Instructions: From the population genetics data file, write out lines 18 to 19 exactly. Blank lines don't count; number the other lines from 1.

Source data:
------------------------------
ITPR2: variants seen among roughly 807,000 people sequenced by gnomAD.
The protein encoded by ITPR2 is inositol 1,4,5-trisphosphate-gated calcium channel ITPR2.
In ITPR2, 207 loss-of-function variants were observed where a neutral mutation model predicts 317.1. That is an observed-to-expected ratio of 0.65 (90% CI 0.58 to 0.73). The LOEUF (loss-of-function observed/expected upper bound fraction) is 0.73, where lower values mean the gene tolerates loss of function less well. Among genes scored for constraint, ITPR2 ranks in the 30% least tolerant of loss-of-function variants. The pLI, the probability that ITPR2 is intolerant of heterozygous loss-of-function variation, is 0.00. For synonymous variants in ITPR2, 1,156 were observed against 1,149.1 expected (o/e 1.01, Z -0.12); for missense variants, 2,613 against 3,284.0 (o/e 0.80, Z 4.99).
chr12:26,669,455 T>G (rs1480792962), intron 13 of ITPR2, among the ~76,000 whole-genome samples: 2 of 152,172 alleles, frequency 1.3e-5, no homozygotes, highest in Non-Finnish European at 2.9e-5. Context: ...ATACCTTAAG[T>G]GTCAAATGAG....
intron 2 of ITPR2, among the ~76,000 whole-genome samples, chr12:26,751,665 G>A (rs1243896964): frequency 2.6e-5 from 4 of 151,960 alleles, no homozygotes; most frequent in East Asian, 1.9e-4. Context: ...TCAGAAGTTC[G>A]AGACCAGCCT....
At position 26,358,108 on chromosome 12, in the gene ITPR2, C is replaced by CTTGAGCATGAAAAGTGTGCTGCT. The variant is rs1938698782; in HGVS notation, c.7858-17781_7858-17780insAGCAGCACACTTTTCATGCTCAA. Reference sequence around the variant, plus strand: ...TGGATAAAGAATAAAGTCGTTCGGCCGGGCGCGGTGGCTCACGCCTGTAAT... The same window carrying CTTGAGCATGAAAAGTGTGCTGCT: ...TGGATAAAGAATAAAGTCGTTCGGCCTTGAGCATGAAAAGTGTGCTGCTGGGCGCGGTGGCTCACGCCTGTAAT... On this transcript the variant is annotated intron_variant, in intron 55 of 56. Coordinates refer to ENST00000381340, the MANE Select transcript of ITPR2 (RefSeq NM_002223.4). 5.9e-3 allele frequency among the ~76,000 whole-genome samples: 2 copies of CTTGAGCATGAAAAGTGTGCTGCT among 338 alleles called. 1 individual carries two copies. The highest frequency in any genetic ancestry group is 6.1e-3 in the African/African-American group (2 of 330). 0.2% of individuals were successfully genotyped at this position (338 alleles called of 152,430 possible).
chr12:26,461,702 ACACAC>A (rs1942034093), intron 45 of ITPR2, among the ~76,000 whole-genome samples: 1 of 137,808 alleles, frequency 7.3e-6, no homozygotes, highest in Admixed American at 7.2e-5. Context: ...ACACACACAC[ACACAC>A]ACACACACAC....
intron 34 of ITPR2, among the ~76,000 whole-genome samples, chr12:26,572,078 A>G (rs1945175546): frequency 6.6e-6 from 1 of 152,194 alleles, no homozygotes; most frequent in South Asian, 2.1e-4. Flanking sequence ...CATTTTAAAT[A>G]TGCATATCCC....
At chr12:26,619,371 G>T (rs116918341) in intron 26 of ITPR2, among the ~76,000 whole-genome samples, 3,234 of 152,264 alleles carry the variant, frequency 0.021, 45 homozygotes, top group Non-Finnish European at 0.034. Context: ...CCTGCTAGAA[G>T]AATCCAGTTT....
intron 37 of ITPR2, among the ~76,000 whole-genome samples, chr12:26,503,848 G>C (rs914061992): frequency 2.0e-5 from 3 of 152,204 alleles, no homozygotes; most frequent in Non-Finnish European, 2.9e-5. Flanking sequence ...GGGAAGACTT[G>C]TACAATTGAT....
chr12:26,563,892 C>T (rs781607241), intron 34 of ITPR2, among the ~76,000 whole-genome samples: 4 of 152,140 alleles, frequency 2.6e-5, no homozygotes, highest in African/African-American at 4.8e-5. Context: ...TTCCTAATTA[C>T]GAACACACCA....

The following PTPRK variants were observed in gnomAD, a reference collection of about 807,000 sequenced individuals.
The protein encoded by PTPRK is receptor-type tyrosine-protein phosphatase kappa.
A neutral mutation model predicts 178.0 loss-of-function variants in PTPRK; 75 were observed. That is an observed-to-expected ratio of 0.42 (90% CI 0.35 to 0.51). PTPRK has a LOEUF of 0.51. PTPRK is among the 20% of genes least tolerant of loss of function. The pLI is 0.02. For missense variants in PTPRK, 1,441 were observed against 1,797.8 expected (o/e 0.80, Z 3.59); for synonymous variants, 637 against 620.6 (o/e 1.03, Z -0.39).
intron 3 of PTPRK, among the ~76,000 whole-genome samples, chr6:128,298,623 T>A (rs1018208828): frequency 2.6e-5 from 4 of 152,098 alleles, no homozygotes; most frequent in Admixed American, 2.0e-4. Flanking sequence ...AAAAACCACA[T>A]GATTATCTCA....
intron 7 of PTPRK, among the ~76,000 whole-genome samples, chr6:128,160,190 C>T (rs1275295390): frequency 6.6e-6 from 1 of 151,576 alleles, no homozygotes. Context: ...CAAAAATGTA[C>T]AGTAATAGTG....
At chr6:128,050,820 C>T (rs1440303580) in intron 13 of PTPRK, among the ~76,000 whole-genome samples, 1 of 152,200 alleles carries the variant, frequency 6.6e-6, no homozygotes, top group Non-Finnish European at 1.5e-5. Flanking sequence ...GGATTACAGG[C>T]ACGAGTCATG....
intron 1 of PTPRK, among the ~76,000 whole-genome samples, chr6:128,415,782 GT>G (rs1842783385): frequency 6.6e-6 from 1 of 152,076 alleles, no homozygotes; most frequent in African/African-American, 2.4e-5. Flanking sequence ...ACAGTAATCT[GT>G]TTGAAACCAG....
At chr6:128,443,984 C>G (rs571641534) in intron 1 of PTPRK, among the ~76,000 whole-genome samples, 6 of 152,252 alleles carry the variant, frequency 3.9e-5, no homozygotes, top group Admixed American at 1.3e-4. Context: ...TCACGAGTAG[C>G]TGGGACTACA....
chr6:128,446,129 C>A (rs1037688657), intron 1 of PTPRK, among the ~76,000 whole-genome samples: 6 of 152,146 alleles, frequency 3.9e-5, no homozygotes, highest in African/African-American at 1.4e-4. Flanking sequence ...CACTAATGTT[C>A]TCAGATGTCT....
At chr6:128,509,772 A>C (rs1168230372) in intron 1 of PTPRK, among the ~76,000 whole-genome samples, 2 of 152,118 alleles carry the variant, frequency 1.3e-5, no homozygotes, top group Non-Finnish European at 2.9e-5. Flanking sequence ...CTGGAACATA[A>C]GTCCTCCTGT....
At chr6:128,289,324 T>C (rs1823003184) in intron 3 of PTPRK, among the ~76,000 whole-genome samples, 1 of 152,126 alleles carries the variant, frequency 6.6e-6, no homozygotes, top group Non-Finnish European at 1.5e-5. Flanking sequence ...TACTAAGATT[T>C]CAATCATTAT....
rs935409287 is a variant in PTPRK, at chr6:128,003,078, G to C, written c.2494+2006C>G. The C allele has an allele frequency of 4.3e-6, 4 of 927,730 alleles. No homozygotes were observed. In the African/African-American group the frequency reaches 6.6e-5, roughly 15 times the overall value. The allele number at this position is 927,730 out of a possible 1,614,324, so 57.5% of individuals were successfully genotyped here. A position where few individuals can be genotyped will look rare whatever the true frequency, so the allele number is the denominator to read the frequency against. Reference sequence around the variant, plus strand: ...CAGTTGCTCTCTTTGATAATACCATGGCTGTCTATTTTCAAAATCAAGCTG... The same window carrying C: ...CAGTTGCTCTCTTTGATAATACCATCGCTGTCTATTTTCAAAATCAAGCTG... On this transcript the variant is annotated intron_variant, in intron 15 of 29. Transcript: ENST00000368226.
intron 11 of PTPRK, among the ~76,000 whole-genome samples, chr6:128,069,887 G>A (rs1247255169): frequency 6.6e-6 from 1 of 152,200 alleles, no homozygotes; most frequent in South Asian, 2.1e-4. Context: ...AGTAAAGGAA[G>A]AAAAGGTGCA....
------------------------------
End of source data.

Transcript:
intron 1 of PTPRK, among the ~76,000 whole-genome samples, chr6:128,415,782 GT>G (rs1842783385): frequency 6.6e-6 from 1 of 152,076 alleles, no homozygotes; most frequent in African/African-American, 2.4e-5. Flanking sequence ...ACAGTAATCT[GT>G]TTGAAACCAG....
At chr6:128,443,984 C>G (rs571641534) in intron 1 of PTPRK, among the ~76,000 whole-genome samples, 6 of 152,252 alleles carry the variant, frequency 3.9e-5, no homozygotes, top group Admixed American at 1.3e-4. Context: ...TCACGAGTAG[C>G]TGGGACTACA....